Today, children play in transmedia franchises that bring together media characters, toys, and everyday consumer goods with games, apps, and websites in complex mergers of childhood cultures, digital literacies, consumer practices, and corporate agendas. Recent research on youth videogames and virtual worlds suggests the productive possibilities and tensions in children’s imaginative engagements on these commercial playgrounds.
Purpose: Transmedia websites are conceptualized and analyzed as virtual dollhouses, or assemblages of toys, stories, and imagination that converges digital media, popular media, and social media. In this framing, transmedia websites are not texts to be read but contexts to inhabit. Are virtual dollhouses safe places where children can reimagine the worlds they know and play the worlds they imagine? Are girls doing more than playing simple repetitive games, dressing up avatars, caring for pets, and decorating rooms in virtual dollhouses?
Research Design: Nexus analysis tracks the histories and social functions of traditional dollhouses, then examines the monsterhigh.com website for these functions and converging practices. In nexus analysis, when practices repeat or support one another across imaginaries, shared normative expectations for ideal players and performances are thickened and amplified. Similarly, conflicting practices create ruptures that disrupt expected trajectories and usual ways of doing things. Nexus analysis of website and game designs and children’s YouTube videos identifies repetitions of social practices with the dolls in the commercial website and in child-made films on YouTube social media, making visible the resonances across converging cultural imaginaries as well as ruptures that open opportunities for player agency and redesign.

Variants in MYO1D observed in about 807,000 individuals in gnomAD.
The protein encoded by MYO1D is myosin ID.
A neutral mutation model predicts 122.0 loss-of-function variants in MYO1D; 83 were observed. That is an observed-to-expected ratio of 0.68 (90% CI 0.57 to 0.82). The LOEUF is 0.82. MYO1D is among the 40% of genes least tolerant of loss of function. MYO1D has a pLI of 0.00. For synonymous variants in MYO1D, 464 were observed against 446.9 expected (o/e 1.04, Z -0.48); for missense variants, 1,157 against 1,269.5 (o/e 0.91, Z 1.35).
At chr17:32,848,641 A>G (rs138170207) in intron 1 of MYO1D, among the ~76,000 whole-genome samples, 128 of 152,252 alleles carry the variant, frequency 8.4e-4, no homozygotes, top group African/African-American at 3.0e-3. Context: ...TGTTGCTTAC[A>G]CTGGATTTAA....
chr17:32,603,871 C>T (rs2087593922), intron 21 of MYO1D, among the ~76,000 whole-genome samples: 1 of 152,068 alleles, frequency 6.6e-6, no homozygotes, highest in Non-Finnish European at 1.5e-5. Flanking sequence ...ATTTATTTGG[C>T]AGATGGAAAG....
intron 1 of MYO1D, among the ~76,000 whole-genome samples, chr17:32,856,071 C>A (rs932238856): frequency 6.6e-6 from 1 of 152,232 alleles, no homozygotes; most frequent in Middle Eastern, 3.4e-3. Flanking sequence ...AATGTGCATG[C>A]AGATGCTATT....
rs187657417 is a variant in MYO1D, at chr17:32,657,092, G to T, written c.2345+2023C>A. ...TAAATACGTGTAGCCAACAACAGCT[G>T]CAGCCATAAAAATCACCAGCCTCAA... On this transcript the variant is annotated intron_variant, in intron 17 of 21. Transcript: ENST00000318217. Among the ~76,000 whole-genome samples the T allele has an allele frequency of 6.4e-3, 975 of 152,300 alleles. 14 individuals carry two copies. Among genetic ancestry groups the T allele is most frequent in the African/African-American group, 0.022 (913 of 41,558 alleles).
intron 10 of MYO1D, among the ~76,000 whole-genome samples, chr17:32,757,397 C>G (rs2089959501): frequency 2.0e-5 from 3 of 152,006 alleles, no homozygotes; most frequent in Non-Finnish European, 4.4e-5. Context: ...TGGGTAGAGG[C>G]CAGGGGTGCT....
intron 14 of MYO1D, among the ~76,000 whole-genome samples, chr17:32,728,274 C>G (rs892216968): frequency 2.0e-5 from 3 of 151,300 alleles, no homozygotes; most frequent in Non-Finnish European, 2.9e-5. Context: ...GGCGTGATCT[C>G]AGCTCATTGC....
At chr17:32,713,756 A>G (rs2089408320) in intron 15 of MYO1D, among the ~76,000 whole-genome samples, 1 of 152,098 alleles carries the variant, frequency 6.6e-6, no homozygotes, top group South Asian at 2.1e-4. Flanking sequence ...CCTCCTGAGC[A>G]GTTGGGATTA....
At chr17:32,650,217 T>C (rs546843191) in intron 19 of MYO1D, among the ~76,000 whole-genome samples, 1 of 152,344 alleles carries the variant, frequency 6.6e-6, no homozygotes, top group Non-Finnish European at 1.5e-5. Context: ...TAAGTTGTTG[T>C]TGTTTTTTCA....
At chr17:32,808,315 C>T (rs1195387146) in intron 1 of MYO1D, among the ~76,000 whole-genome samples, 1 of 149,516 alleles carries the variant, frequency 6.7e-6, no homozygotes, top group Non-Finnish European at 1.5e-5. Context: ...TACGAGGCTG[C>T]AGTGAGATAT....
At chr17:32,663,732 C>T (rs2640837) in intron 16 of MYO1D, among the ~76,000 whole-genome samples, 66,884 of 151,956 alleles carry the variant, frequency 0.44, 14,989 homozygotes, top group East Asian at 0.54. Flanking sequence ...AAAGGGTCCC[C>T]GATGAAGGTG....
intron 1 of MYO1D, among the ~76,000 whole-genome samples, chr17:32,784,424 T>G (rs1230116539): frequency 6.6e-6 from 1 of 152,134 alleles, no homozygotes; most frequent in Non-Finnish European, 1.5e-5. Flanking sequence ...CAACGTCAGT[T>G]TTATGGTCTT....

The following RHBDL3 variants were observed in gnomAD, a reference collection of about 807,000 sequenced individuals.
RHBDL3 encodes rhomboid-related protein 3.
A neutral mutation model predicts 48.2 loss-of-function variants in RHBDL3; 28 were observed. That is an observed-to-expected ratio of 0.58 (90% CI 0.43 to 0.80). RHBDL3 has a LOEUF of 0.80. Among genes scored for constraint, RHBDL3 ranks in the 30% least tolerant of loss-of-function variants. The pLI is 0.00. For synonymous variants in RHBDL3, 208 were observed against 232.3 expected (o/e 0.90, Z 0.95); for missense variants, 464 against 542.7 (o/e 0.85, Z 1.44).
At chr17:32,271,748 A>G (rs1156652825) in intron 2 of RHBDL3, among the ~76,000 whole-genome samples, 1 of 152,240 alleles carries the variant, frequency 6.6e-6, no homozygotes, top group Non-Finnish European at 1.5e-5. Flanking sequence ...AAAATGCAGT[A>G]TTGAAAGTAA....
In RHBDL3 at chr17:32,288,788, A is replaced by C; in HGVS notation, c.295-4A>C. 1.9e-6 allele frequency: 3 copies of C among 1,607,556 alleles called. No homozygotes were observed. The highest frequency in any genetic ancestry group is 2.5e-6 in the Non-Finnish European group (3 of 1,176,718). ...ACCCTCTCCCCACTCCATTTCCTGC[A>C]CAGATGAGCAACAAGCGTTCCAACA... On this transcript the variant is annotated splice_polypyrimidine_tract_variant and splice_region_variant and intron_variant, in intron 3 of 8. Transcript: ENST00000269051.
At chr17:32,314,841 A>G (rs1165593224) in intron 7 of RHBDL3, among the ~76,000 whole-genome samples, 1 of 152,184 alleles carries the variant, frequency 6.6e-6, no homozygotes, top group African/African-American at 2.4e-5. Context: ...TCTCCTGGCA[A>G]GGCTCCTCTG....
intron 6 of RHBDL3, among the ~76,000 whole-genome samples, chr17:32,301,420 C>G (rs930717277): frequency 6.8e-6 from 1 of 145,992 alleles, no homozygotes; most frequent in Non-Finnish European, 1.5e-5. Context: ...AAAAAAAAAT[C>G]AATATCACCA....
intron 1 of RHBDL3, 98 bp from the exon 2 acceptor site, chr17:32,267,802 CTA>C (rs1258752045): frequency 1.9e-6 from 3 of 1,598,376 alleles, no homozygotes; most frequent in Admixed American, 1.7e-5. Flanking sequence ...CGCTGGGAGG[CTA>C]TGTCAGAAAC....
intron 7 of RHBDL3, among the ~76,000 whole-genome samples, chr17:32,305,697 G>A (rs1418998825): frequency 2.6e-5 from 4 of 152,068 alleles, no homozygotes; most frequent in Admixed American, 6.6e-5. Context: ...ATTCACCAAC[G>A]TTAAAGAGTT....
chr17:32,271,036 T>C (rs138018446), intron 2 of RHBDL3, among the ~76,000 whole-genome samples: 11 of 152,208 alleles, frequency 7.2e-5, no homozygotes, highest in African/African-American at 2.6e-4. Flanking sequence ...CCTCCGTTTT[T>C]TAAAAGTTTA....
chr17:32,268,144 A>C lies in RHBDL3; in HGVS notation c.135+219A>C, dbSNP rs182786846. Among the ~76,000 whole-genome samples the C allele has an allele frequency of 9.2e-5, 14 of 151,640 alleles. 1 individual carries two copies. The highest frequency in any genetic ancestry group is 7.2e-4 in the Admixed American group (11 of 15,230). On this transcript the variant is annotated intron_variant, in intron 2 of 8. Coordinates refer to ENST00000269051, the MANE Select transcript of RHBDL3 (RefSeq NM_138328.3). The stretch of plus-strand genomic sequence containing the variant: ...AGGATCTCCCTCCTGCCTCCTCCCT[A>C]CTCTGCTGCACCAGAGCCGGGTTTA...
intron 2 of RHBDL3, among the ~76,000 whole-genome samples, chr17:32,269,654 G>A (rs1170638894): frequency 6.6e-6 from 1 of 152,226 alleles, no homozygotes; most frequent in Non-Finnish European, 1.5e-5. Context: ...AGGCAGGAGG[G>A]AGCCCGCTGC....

Conclusions: As children engage the pretense of virtual dollhouses, they play out blended activities that are at once both simulated and real: dressing their avatars, creating imagined profiles, shopping, playing games, purchasing in-app goods, watching and “liking” videos, recruiting followers/friends, and affiliating with the brand and other fans. These lived-in practices align with particular visions of girlhood that circulate naturalized and normalizing expectations for girls that also converge in these concentrations of media. However, examination of the digital dress-up and online doll play that children produce and share on social media shows that players also make use of the complexity that convergence produces. Children remake imaginaries for their own purposes in ways that both reproduce and rupture these expectations. The analysis points up the need for (1) nuanced and expanded research on children’s transmedia engagements, (2) productive play and digital literacies, and (3) critical media literacy in schools.